There is an apparent split of authority, or at least a split of ethical thinking, over whether participation on a listserve or Internet chat room can be a regulated advertisement or solicitation. Even where not prohibited, however, such participation should be done carefully. Some ethics opinions regarding chat room participation have cautioned that, depending on the mental state of potential client participants, direct solicitation following a chat room introduction may be unethical. Others have cautioned about communications where the chat room participants are known to be members of the judiciary—giving rise to the possibility of some unauthorized ex parte communication with a judicial officer.

As a general rule, attorney advertising in any medium must be truthful and not misleading either in itself or owing to context. It may not guarantee any particular result. It may not imply some certification or governmental title that is not approved by the state. Targeted letters to potential clients are permissible, but they must be labeled or identified as an “advertisement.” Also, records of advertisements must be maintained in accordance with applicable ethics rules or other state regulations, including all statements made on and “screen shots” of websites. Become thoroughly familiar with your state’s ethical rules regulating attorney advertising at the outset.

Other Sources of Clients
Although they may appear to be a tempting potential source of income until your own clients are developed, be careful of interim “of counsel” and “contract attorney” relationships. Any clients with whom you may work in either of these roles most likely will be able to have you disqualified if you later are successful in obtaining any clients with matters adverse to them.

Another source of new business is referrals from colleagues. Receiving referrals from other lawyers is permitted. Paying for them may not be, except with the informed written consent of the client. Receiving referrals from nonlawyers is permitted as well. Paying for these referrals from nonlawyers, however, is not permissible under any circumstances. Some ethics opinions have dealt with arrangements where lawyers refer clients to some provider of other services, such as insurance or real estate brokerage. Most opinions have found these cross-referral arrangements to be ethically permissible but usually only where the client is informed of the relationship.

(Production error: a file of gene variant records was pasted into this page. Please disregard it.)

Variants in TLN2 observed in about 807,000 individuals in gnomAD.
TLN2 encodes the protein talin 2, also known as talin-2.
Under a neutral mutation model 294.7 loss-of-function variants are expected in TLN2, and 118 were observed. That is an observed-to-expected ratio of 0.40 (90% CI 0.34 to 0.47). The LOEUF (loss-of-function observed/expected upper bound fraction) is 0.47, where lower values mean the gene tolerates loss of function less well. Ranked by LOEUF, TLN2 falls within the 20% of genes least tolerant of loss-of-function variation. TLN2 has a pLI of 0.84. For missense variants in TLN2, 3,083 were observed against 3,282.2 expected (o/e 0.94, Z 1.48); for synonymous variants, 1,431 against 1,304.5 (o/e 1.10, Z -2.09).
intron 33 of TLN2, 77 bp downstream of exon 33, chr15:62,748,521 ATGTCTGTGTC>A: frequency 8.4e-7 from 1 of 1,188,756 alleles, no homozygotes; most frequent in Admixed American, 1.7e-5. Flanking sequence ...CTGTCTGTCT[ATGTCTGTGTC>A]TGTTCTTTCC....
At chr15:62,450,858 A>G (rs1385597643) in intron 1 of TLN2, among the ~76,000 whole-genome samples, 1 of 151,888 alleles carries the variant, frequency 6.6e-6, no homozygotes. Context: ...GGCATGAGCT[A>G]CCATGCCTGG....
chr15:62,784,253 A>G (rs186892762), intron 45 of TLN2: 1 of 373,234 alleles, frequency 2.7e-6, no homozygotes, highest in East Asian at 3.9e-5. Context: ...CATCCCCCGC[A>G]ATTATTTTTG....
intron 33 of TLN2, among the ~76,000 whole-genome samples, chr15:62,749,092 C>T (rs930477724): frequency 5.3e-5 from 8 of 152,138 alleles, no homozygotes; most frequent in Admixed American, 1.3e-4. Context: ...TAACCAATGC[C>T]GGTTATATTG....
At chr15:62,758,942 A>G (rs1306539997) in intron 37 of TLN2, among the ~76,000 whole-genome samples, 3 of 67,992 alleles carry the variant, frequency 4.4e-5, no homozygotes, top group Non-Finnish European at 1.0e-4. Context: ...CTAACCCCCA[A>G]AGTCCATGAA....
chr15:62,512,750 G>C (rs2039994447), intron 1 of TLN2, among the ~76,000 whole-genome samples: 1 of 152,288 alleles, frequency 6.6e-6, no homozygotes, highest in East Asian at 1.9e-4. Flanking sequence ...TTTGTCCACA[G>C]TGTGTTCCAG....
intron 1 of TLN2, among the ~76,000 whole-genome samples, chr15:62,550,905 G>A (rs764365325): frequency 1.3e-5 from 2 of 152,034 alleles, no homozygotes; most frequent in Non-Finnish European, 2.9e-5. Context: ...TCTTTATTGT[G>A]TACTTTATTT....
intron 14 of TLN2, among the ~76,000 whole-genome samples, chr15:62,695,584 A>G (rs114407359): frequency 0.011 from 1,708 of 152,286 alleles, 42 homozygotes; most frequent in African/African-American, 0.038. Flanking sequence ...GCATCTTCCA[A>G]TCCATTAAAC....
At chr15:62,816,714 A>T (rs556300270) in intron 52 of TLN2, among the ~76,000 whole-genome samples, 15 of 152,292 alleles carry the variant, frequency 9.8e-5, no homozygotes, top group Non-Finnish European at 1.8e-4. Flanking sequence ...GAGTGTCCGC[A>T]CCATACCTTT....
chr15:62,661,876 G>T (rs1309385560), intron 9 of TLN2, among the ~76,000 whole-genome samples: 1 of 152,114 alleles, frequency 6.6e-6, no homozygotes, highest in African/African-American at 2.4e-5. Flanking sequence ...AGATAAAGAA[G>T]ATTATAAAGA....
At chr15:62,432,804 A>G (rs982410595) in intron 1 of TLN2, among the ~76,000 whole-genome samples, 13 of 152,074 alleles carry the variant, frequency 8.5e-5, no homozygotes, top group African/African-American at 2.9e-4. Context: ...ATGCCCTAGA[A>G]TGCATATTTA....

In the case of a departing attorney seeking to join another group or start a small firm with others who are asked to leave as well, the departing lawyers may share with potential new partners financial information regarding the lawyer’s economic situation at the former firm, but only the “minimum necessary” for the potential new partners to evaluate the departing lawyer’s practice. This would permit disclosure of the lawyer’s personal economic statistics and potential clients for checking on conflicts of interest, but it would not authorize revelation of the former firm’s economic information unrelated to evaluating the economic value of the departing lawyer’s practice.

And, speaking of economic concerns, you also will want to survey the market to be sure that the fees you begin to charge are not unethical or unconscionably excessive. You also will want to have a standard engagement letter. Every engagement has the potential, however remote, to wind up in a fee dispute. Experience has shown that these disputes almost invariably go better for the lawyer where a written engagement letter is in place. (See the State Bar of California website,, for examples of such letters.)